OTTAWA — Friends of a Canadian freelance journalist stuck in Libya as a violent rebellion seems poised to sweep dictator Moammar Gadhafi from power say they have grave concerns for his safety after frequent communications from him stopped Monday morning.
Mahdi Nazemroaya, a 29-year-old from Ottawa, has been in Tripoli for two months covering the situation in the region for a number of international news agencies, including Al Jazeera and Russia Today.
“We are fearing for his life,” said Michel Chossudovsky of the Centre for Research on Globalization, with which Nazemroaya is affiliated.
“He is a Canadian. . . . (He’s) in a hostile environment and there’s no exit strategy for an independent journalist,” said Chossudovsky, a professor at the University of Ottawa.
Both Chossudovsky and Briton Amos, a longtime friend of the journalist, said they had been in frequent daily communication with Nazemroaya by telephone and online video chats, but said that all lines of communication went dead at about 10:30 a.m. ET on Monday.
Chossudovsky said Nazemroaya — who has been critical of rebel forces, the transitional council and NATO in many of his reports — has been stationed at a hotel that is housing members of the foreign media.
He said that at one point, the freelance journalist came under fire when he went on the hotel’s rooftop to hang a sign making potential attackers aware that the facility included media occupants.
Nazemroaya recently completed a sociology degree from the University of Ottawa and is scheduled to begin graduate studies at Ottawa’s Carleton University in September, Chossudovsky said.
For now, Chossudovsky said studies are not front and centre on the student’s mind.
“He hasn’t slept for three days,” he said. “He’s been very courageous . . . but he’s very much aware of the danger.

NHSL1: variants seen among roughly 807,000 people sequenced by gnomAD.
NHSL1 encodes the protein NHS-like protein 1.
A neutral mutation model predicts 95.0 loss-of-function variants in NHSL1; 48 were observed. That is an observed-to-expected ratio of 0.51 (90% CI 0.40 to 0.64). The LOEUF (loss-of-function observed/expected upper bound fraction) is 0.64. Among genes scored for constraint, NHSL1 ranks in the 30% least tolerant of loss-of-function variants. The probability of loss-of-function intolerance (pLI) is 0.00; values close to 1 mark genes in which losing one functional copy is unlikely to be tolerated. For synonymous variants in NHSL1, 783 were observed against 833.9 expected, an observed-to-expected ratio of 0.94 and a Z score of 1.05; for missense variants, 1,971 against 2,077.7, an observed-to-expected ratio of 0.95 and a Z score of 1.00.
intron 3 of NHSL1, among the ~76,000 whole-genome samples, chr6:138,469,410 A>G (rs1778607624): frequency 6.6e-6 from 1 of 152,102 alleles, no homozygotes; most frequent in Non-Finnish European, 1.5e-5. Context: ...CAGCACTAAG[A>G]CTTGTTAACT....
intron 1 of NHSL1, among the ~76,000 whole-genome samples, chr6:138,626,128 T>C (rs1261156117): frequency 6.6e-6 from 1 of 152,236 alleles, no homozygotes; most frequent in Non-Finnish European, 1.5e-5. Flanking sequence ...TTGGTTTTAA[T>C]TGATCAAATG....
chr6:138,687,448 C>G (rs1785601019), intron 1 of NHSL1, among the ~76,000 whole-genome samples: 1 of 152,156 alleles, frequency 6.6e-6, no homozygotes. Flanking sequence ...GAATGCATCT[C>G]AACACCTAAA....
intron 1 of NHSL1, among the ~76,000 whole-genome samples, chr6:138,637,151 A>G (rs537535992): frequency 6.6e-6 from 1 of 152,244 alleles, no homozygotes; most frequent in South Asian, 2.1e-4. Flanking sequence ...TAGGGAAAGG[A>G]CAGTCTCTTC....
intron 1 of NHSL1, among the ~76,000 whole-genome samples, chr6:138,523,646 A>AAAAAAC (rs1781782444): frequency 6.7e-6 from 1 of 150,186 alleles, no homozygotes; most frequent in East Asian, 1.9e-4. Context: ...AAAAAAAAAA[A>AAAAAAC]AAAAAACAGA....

“The whole atmosphere in that media centre is one of tremendous fear and intimidation by everybody, but much more by those who don’t have a satellite phone or a backing from a news agency and also the fact that he’s not an experienced war correspondent. That’s why I discouraged him from going, but he wanted to go and he went.
“He’s in a very fragile situation and we would like our government to protect him in any way they can.”
In a report with Russia Today posted early Monday, Nazemroaya — who is of Iranian descent and came to Canada at the age of four — appeared shaken at the current situation in the region and expressed a strong desire to get out of the country with other journalists.
“I think an airlift is the best thing for us, or an escort,” he said in the report.
“We are at their mercy. That’s the honest truth. We don’t have weapons, we’re sitting here, just waiting. We can’t take any action . . . so our governments and the international community has to take action to get us out of here.”
Chossudovsky and Amos said the Department of Foreign Affairs is aware of the situation.
The department was not able to provide information on Nazemroaya on Monday.
Amos, who describes Nazemroaya as being “like a brother,” said in one of his last communications Monday morning he said: “If I don’t leave soon, I’ll be killed. I was threatened.”
Amos said Foreign Affairs officials have instructed Nazemroaya to contact the other national embassies, including Tunisia and Hungary, to seek possible assistance in leaving the country.
Canada closed its embassy and withdrew its consular staff from Libya in February.